When we traveled throughout Italy, we found either no Internet access and barely any TV, or when they existed, they were usually satellite or antenna based systems--read: S L O W. In large cities, like Rome or Florence, no problem. There were decent speeds and a decent number of cable channels--often the internet packages are bundled with TV. Our best Internet and TV was in our Rome rental apartment--our worst was in rural areas of Campania, Basilicata and Puglia.
Out in the countryside, in small villages all over Italy, we would see satellite dishes or small flat antenna units mounted on roofs that picked up the signals from either a satellite hovering above in space, or a tall tower in the nearby local area--a Wide Area Network of sorts.
Even when there is a decent connection, the WiFi system inside homes and hotels can be terribly slow with buggy connections. The reason is the thick, stone walls that most structures are made out of. It's a simple task to send WiFi throughout the three floors of my American 1868 vintage brick and timber home (and much more so in standard stud framed and dry-walled track homes), but WiFi signals don't pass through 1-2 foot thick stone walls and 2" thick clay tile floors easily.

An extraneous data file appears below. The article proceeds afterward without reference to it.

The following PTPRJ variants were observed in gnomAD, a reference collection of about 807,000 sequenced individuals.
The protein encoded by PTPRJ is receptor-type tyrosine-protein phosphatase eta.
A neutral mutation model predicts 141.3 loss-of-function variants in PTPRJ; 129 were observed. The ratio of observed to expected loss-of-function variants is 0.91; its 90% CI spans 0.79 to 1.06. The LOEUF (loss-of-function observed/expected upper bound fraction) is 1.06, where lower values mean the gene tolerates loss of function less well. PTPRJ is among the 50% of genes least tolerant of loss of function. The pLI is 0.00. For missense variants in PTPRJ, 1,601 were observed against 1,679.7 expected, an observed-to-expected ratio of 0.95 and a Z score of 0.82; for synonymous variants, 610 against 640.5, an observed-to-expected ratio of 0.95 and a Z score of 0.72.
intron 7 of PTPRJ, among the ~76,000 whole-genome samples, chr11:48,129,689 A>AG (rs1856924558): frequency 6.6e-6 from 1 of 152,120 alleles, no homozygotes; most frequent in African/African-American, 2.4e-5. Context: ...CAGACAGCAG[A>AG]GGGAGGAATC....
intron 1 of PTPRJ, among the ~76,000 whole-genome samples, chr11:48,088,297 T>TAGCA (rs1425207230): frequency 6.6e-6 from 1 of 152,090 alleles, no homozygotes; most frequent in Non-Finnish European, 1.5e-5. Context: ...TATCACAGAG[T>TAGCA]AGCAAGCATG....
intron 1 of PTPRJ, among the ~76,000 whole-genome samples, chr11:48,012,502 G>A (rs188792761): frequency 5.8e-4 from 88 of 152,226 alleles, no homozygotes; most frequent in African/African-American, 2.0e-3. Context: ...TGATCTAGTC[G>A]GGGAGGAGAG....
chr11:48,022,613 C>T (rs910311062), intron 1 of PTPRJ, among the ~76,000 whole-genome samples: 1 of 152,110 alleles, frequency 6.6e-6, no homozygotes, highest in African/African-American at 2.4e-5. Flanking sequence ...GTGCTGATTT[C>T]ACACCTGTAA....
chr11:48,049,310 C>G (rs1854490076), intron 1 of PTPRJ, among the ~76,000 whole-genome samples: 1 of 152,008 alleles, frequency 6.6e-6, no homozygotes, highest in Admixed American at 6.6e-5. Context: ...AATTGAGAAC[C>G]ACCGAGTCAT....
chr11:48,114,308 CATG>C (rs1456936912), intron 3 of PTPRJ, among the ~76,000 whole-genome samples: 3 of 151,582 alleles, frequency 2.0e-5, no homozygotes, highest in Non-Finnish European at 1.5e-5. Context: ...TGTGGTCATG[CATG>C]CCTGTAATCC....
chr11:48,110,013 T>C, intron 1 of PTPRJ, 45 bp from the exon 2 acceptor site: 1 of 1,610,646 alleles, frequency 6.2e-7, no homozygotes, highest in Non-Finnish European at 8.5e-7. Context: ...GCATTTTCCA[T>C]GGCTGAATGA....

Boosting the quality, stability and speed of broadband internet service is needed by most regions of Italy, not only for the locals, but for tourists who might be used to more reliable internet connections. It would also be a boon to business travelers, saving money to avoid cell phone data charges for mobile hot-spot use.
In 2012, it was reported that Italy ranked dead last in Europe when it came to truly high speed broadband coverage. In the rest of Europe, anywhere from 27% to 54% subscribe to services with speeds at 30Mbps or above. Italy? Only 14%.
The Italian government is at long last partnering with telecom companies to fix the problem. The project is called Fiber for Italy project initially will reach 20 million people in Italy's 15 largest cities, followed by another 138 cities by 2018. The government has also started the Italia Digitale project, which will provide at least 50% of Italians with high-speed internet access by 2020. They even plan on extending the resulting fiber-optic network to rural areas, hopefully putting an end to tower and satellite based systems.
The Fiber for Italy project has three main objectives: implementing a digital national register, a database of all of Italy's citizens (will Grande Fratello be watching?); introducing a system that allows public sector suppliers submit invoices digitally; and creating a single digital identity for Italians to use when they interact with the state—no more separate logins for dealing with different government services.
Italians and tourists alike might have to wait for a few more years, but barring an Italexit, the collapse of the Euro, and with a real financial commitment (one company's bid is almost one billion dollars), perhaps high speed fiber-optic technology will finally arrive in the land of gelato, Michelangelo's David, pasta and pizza.
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